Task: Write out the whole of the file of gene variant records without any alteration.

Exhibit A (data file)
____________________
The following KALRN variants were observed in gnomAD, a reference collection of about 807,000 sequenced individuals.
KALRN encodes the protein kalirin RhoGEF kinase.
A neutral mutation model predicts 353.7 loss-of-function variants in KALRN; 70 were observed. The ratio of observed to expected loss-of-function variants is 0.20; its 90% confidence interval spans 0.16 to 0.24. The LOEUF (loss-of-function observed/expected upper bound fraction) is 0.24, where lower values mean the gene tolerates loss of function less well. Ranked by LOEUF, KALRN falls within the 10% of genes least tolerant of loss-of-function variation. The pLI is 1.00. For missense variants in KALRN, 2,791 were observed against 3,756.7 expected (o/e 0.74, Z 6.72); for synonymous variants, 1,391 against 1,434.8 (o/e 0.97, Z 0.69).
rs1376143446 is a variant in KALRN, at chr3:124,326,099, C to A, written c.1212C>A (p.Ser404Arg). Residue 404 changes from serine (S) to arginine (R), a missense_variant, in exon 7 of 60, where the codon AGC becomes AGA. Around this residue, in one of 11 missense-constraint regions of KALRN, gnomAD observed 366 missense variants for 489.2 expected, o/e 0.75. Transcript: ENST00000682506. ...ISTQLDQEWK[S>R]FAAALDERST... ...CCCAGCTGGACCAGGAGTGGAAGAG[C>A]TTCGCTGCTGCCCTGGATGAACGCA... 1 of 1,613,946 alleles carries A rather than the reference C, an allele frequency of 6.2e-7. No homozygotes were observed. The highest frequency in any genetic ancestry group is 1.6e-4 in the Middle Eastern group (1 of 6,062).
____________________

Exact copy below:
The following KALRN variants were observed in gnomAD, a reference collection of about 807,000 sequenced individuals.
KALRN encodes the protein kalirin RhoGEF kinase.
A neutral mutation model predicts 353.7 loss-of-function variants in KALRN; 70 were observed. The ratio of observed to expected loss-of-function variants is 0.20; its 90% confidence interval spans 0.16 to 0.24. The LOEUF (loss-of-function observed/expected upper bound fraction) is 0.24, where lower values mean the gene tolerates loss of function less well. Ranked by LOEUF, KALRN falls within the 10% of genes least tolerant of loss-of-function variation. The pLI is 1.00. For missense variants in KALRN, 2,791 were observed against 3,756.7 expected (o/e 0.74, Z 6.72); for synonymous variants, 1,391 against 1,434.8 (o/e 0.97, Z 0.69).
rs1376143446 is a variant in KALRN, at chr3:124,326,099, C to A, written c.1212C>A (p.Ser404Arg). Residue 404 changes from serine (S) to arginine (R), a missense_variant, in exon 7 of 60, where the codon AGC becomes AGA. Around this residue, in one of 11 missense-constraint regions of KALRN, gnomAD observed 366 missense variants for 489.2 expected, o/e 0.75. Transcript: ENST00000682506. ...ISTQLDQEWK[S>R]FAAALDERST... ...CCCAGCTGGACCAGGAGTGGAAGAG[C>A]TTCGCTGCTGCCCTGGATGAACGCA... 1 of 1,613,946 alleles carries A rather than the reference C, an allele frequency of 6.2e-7. No homozygotes were observed. The highest frequency in any genetic ancestry group is 1.6e-4 in the Middle Eastern group (1 of 6,062).